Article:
LOUISVILLE, Ky. (AP) — Republicans eying a takeover of the Kentucky House hope to move one seat closer as voters in the heart of bluegrass country prepare to elect a new state representative in a special election Tuesday. Democrats hope to galvanize their historic hold on the chamber by retaining the open seat.
The three candidates in the 56th District spent their last full day of campaigning Monday in a race that attracted a lot of cash and political surrogates, signifying its strategic value heading into the 2014 election. Vying for the seat are Democrat James Kay, Republican Lyen Crews and independent John-Mark Hack.
"This is a critical race for both parties," Kentucky Democratic Party Chairman Dan Logsdon said Monday.
Democrats hold a 54-45 advantage over Republicans in the House, with the one vacant seat to be filled. A Republican win Tuesday would leave the GOP just five seats away from claiming an outright majority in the House. Republicans are firmly in control of the state Senate.
"It's a precursor to what's going to happen in 2014," Crews said. "This seat, when it turns Republican, that's going to show the Democrats in the House that the time is coming when they're not going to have control. Kentucky is going to move forward and all these bills that go to die in the House, we're going to actually ... pass them."
The three candidates are competing to replace Democrat Carl Rollins, who resigned in the spring to take the top job with the state student financial aid agency. The district, encompassing some of Kentucky's scenic horse country, includes Woodford County and parts of Fayette and Franklin counties.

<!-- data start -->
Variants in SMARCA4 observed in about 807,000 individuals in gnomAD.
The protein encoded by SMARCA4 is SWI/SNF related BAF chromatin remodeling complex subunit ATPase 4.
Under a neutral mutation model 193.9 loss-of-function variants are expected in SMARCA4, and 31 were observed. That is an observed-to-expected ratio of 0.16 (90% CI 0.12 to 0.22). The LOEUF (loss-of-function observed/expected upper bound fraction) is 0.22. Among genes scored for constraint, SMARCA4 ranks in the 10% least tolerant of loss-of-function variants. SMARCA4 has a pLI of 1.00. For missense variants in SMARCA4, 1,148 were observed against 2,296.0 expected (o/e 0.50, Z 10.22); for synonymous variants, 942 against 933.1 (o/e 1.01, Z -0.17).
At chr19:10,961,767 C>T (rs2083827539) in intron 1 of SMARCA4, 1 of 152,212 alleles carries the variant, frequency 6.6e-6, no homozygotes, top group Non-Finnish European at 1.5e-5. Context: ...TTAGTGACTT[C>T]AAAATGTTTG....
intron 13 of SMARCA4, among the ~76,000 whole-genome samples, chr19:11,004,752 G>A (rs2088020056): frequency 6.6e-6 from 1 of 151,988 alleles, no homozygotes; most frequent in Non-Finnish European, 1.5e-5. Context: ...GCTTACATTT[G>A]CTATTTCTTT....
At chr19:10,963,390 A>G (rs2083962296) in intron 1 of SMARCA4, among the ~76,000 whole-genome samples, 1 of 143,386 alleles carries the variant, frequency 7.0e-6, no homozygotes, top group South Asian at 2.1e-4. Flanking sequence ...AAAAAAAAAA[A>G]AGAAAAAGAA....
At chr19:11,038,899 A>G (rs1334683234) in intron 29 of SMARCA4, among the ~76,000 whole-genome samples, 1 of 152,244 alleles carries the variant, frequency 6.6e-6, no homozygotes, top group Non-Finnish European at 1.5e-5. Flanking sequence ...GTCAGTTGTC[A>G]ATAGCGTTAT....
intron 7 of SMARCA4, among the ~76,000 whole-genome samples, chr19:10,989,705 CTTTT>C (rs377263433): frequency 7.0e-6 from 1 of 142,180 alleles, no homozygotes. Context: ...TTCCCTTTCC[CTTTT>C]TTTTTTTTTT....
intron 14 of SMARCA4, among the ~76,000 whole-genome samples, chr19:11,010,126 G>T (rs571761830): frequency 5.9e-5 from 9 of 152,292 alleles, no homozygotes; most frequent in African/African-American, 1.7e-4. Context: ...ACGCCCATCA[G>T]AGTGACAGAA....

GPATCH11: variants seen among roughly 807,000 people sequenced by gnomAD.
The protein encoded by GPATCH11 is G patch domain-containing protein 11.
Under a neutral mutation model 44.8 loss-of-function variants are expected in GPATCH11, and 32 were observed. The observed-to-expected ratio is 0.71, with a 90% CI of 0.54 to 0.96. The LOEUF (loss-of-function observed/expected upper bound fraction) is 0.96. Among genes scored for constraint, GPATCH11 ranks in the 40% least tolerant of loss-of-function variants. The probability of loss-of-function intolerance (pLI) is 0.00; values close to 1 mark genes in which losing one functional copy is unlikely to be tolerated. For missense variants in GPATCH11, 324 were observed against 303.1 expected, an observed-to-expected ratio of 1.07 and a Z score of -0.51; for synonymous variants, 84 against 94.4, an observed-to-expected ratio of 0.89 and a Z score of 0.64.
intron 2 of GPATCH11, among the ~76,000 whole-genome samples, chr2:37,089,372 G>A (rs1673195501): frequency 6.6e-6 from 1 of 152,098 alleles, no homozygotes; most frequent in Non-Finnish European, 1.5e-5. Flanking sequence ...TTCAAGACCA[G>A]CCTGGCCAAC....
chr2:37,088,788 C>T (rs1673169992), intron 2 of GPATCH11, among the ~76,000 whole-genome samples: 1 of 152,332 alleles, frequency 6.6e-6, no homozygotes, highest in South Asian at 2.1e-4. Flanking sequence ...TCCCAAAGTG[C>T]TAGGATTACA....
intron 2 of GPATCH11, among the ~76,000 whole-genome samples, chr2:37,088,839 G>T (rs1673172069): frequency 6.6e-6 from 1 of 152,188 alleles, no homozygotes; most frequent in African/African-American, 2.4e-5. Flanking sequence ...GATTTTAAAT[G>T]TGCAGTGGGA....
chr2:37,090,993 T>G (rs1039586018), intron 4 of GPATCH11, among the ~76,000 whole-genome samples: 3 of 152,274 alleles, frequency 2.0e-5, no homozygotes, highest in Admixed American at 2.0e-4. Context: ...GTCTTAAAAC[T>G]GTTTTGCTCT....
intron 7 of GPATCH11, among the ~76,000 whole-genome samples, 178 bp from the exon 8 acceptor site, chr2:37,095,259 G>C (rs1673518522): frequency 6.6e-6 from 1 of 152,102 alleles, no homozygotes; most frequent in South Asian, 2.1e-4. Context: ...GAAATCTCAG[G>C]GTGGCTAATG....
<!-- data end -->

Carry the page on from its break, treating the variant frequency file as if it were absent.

Democrats far outnumber Republicans in the district. But Woodford County, where most of the district's voters live, narrowly backed Republican Andy Barr in his victory over Democratic incumbent Ben Chandler in last year's congressional race in central Kentucky.
Both major-party candidates drew high-profile supporters during the two-month campaign.
At a pre-election rally Monday, Democratic Gov. Steve Beshear urged Kay supporters to flock to the polls.
"Let's make sure we turn this out because our state must have people like James Kay to work with me ... and others to move this state forward," Beshear said.
Kay stressed the need for lawmakers to support education to prepare Kentucky students to compete for jobs.
"I'm more energized today than I was when ... we first started this race," he said.
Other prominent Democrats who pitched in during the campaign were Secretary of State Alison Lundergan Grimes, state Auditor Adam Edelen and several state lawmakers.
State Agriculture Commissioner James Comer, a Republican, said at a recent rally for Crews: "We need to have Lyen Crews in Frankfort. We're so close to taking the majority in Frankfort. When we take the majority, this will be a better state." Several Republican state lawmakers also have joined Crews on the campaign trail.
Logsdon said Democrats are determined to deny the GOP its long-sought goal of claiming complete control of the General Assembly.
"We've seen what's happened in other states when the Republicans have taken over the legislature," he said. "You've seen a war on public education, you've seen a war on women, you've seen a war on workers. We're not going to let that happen in Kentucky."
Crews cited his experience as a certified public accountant, saying he would have the expertise to help shape any proposal to revamp the state's tax system, and to warn lawmakers of any "unintended consequences" from changing the tax code.
Kay outpaced his opponents in fundraising, taking in $132,649 through June 10. Crews had raised $68,806 through the same period, and Hack had garnered $23,467.
Crews, however, benefited from the independent Republican State Leadership Committee, which reported spending more than $177,000 in the race.
Hack was an agricultural official in former Gov. Paul Patton's administration. He told the Lexington Herald-Leader that he was confident of winning because "there is an overwhelming negative response to the obscene amounts of money being spent by the two parties, and I think that will favor me."